Opening a dialogue on race and faith
The spiritual leaders for Bright Star Church of God In Christ and Congregation Beth Shalom share a common dream, envisioning a better future for the generations to come. So when an opportunity arose to open up a community discussion on African American and Jewish relations, the rest was history.
Pastor Chris Harris, of Bright Star Church of God In Christ, gave a presentation and engaged members of the community through a question-and-answer session at Congregation Beth Shalom on Jan. 9.
Cantor Steven Stoehr, of Congregation Beth Shalom, opened up his pulpit and congregation to Harris, seeing how much they shared in common.
“I thought it would be a wonderful opportunity to offer a timely account of black and Jewish relations,” he said. “I wanted the congregation to revel in his perspective.”
Stoehr said it brings great meaning to align Harris’s appearance at his synagogue with Martin Luther King, Jr.’s birthday on Monday, Jan. 18 and the annual youth violence prevention fundraiser in support of the Bronzeville Dream Center on Sunday, Jan. 17.
Harris serves as a National Councilmen of the American Israel Public Affairs Committee, traveling the country building relationships between African American and Jewish Clergy.
About three years ago, Stoehr and Harris met at the Jewish United Fund, a central establishment for Chicago’s Jewish community, and they kept in contact.
Stoehr recounted how Harris had been a celebrated person at the event, speaking about a dream he had for his community because they go through so many tragedies. He said what struck him about Harris was how he predicated his work based on a trip to Israel.
“The Bronzeville Dream Center, is inspired by (the trauma center) NATAL in Israel,” Harris said. “NATAL believes that individuals [affected by military and terrorist attacks] are all too common. When these individuals overcome their initial shock and return to their normal daily routines, they remain in a state of pain and suffering. While Chicago is not a traditional war-zone, we all know that there is no lack of trauma that our community is facing.”
Bronzeville Dream Center in Chicago serves members of the community with counseling and other social services aimed at minimizing negative factors that cause violence and increasing protective influences that yield positive outcomes.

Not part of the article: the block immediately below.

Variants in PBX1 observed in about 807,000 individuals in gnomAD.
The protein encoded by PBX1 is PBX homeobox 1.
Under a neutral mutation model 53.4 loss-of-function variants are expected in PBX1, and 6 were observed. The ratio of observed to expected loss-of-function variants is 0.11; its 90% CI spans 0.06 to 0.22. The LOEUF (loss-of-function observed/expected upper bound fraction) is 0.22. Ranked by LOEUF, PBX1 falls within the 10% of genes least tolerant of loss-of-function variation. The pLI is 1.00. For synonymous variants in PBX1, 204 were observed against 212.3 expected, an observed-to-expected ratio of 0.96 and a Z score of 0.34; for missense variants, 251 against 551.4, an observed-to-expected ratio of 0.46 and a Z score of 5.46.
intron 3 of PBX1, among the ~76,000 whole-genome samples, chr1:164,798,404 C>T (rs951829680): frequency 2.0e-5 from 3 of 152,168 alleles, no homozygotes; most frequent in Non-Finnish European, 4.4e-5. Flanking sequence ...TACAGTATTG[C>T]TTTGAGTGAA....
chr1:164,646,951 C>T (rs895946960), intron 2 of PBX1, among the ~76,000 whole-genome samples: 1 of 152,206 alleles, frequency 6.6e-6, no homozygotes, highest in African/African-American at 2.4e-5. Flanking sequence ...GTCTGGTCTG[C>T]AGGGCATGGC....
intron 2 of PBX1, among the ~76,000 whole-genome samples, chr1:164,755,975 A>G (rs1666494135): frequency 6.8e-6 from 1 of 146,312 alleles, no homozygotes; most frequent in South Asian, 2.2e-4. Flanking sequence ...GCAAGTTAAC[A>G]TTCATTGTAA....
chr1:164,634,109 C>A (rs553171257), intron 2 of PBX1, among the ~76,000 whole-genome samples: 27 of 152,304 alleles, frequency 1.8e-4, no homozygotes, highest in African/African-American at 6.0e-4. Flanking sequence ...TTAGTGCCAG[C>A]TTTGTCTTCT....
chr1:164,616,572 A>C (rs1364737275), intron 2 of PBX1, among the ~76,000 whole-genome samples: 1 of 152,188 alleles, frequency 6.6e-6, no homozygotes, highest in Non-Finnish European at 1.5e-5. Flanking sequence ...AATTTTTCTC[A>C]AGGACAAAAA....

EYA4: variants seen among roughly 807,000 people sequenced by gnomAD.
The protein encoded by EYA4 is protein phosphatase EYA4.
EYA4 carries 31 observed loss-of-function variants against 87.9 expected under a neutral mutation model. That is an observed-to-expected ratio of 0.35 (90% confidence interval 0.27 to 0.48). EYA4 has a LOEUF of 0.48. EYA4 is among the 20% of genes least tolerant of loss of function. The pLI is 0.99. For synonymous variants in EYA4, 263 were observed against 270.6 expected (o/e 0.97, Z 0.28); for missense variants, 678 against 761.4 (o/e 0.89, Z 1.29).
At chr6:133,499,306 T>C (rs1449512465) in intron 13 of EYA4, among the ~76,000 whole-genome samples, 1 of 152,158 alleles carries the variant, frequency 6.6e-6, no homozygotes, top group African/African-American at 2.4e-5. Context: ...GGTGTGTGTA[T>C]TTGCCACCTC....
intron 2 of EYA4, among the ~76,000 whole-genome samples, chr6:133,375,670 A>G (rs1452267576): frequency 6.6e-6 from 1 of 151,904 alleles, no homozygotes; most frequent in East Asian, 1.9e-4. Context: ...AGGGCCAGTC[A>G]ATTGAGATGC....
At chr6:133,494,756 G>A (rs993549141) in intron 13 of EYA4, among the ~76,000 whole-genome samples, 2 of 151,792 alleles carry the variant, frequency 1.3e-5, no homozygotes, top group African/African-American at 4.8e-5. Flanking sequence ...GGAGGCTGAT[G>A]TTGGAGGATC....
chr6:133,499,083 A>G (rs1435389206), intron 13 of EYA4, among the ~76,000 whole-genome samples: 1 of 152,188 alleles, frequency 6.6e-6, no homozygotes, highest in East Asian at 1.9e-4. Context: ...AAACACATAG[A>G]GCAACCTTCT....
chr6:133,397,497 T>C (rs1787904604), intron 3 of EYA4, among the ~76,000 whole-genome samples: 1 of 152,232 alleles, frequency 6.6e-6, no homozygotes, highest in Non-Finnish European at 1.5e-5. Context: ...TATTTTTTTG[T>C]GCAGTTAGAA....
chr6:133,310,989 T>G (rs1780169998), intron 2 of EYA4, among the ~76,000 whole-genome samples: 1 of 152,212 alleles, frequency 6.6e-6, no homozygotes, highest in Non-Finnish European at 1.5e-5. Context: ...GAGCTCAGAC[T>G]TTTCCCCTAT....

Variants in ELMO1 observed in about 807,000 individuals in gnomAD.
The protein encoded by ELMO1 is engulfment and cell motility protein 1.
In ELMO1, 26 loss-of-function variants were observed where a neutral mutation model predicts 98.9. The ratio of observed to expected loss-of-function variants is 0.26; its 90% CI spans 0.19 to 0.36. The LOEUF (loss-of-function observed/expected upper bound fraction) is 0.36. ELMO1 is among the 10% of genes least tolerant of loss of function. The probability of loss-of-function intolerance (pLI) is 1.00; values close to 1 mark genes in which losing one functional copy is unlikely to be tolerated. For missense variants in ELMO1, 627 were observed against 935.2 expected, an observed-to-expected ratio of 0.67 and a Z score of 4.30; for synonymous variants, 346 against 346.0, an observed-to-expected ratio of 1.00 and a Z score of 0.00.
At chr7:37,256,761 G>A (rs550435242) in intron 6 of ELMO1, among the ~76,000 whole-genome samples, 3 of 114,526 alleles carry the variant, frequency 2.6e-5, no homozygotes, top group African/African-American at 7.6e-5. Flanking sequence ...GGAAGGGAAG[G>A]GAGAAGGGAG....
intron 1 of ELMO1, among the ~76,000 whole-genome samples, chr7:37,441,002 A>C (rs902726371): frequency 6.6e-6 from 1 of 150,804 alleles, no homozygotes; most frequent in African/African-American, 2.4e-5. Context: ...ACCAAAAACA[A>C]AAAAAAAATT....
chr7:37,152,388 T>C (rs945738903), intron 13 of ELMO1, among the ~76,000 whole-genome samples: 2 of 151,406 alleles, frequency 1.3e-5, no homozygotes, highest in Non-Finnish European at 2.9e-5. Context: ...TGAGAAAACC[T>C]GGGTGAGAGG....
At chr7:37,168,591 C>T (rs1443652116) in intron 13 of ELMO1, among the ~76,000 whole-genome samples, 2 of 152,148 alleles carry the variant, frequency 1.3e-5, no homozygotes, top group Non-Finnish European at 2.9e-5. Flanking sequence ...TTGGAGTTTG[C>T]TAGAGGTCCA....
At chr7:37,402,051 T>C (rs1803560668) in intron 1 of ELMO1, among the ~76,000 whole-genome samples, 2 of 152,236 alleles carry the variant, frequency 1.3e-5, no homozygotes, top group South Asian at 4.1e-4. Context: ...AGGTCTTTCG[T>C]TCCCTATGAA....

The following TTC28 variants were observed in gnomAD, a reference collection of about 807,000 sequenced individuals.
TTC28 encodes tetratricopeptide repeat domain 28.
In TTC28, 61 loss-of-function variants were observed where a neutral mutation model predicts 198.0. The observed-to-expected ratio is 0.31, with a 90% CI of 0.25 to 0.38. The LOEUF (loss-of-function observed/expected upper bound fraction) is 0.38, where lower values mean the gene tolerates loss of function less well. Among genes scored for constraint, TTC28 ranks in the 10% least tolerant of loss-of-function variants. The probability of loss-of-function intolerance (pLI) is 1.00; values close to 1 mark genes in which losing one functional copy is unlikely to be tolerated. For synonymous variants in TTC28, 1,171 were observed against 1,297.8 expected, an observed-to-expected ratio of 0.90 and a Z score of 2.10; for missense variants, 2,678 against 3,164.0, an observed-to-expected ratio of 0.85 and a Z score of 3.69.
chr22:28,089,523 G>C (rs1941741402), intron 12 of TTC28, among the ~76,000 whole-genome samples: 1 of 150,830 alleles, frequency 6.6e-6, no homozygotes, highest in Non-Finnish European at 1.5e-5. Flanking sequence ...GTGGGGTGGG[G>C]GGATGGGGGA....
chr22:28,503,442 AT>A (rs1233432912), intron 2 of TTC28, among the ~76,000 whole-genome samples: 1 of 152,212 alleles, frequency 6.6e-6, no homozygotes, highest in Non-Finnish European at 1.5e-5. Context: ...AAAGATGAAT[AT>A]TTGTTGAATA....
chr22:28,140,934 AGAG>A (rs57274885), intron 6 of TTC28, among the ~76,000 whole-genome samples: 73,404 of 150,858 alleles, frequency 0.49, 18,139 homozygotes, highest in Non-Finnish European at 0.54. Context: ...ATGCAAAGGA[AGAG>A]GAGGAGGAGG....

The overall work of the Bronzeville Dream Center and Bright Star Community Outreach, a nonprofit organization Harris formed to extend his church’s ministry, are supported by the annual youth violence prevention fundraiser and aim to make an impact in the community, providing them the access to necessary programs and services.
“The approach of BSCO is that community partnership starts from the premise that no single factor is responsible for violence, poor economic conditions and stability, homelessness, child safety, or drug abuse,” Harris said. “Family safety and strength depend upon connection with a broad range of people, organizations, and community institutions.”
Stoehr said the hope is that Harris can help guide his congregation and its African American Jews.
“Chris has a wonderful appreciation for each other’s cultures,” he said. “We have to learn from each other, not from the TV and newspapers. We have to talk to one another. I think Chris’s vision is becoming one people and one society who really want the world to be OK and after all, we are our brother’s keeper.”
Harris shared what he thinks is most notable about the history of African American and Jewish relations.
“(It is) our parallel history and our desire to revive,” he said. “With that in mind, we don’t want to keep the old frame in view. We need to look at it from a new lens.”
Harris said there are a number of existing problems that extend between African Americans and Jews that can be resolved by working together and engaging in dialogue.
On Jan. 9, Harris also addressed some of the community youth through a small break out session during the morning service at Congregation Beth Shalom. Stoehr said it was important to have kids engaged in the discussion because it’s about them.
“It can’t just be the parents,” he said. “If they don’t water the seeds for promise, nothing will change.”